Enjoy a day tasting with Samuel Tinon in Tokaj! Writing and all photos by Colm FitzGerald of The Paprika Project. I’m sitting across the table from Samuel Tinon at his home in Olaszliszka, a tiny village in Hungary’s mystical Tokaj Wine Region. He is of medium height and build. His hair is graying and he wears rectangular glasses. Behind him, his Vizsla is curled up on a velvet armchair. To my left, a white rabbit sits on another, matching chair. Rain is coming down in waves of heavy showers and Samuel is very pleased; rain in Tokaj has been scant this summer. Together with my wife Anita, we’re sampling his wine at a long wooden dining table. Samuel is spontaneous, animated, talkative and passionate; the things I love most about the French. He speaks in concepts and rarely has simple answers to my questions. While he talks about Tokaj’s fascinating history I swirl his dry Szamorodni around in my glass and take in the dream-like scene around me: the dog and the rabbit, the sound of rain, Samuel’s French accented English and his cozy home. I then take a sip of the golden wine. It is amazingly complex and unlike … Continue reading The Life and Wines of Samuel Tinon
In the Spring of 2013 we hosted Judit and József Bodó of Hungary’s Bott Winery in California. With their giant map of the Tokaj appellation, box of soils, and rock samples, I dragged them all over the Bay Area for the usual sales gambit. In addition to all of the tastings, dinners, and semi desperate pleading with many of you for some sit down time, we also took a short trip to California wine country. The shared experiences and risks of growing grapes and making wine for a living quickly bypass the often stale formalities between strangers. Within minutes Judit and Cathy Corison were digging into gender politics of the wine business and József was on his hands and knees inspecting old vines at the Library Vineyard with Tegan Passalacqua. After their first (ever!) encounter with Mexican food, our final stop was with Steve and Jill Matthiasson. As it turns out, Jill has both Hungarian heritage and a penchant for Furmint and Hárslevelű. We tasted through the one another’s lineup, ate oranges off their tree (too cold in Tokaj for citrus), walked through the vineyards, and the Bodós attempted to hide their feverish jealously over the new Matthiasson tractor. While … Continue reading New California and New Tokaj: Furmint and Hárslevelű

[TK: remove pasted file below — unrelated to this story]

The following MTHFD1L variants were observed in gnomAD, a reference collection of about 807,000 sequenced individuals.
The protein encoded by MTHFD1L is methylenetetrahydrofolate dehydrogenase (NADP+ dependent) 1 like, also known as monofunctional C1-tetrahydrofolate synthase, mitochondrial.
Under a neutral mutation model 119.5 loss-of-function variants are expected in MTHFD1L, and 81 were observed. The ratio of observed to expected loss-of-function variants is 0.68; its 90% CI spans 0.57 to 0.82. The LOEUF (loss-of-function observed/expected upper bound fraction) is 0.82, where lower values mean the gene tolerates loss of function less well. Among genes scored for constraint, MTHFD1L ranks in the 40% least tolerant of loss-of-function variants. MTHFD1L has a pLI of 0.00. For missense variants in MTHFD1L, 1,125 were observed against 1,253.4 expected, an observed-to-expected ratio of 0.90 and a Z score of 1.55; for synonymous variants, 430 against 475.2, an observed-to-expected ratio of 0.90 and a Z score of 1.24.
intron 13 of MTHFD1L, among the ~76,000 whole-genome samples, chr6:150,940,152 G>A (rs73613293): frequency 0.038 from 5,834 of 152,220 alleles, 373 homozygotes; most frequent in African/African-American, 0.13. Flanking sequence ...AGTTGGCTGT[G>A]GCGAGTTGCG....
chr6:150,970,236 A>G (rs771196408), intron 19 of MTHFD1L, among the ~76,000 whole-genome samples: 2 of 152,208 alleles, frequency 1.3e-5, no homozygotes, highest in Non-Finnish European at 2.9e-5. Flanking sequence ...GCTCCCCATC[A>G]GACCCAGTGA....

The famous Hungarian appellation of Tokaj tops Decanter’s list of UNESCO heritage wine regions to visit. Home to the famous Tokaji-Aszú dessert wine (characterised by French King Louis XIV as ‘the wine of kings, the king of wines’), it is also noteworthy for its labyrinthine cellars where these historic sweet wines are stored. Read the rest of the article here. Browse Hungarian wine.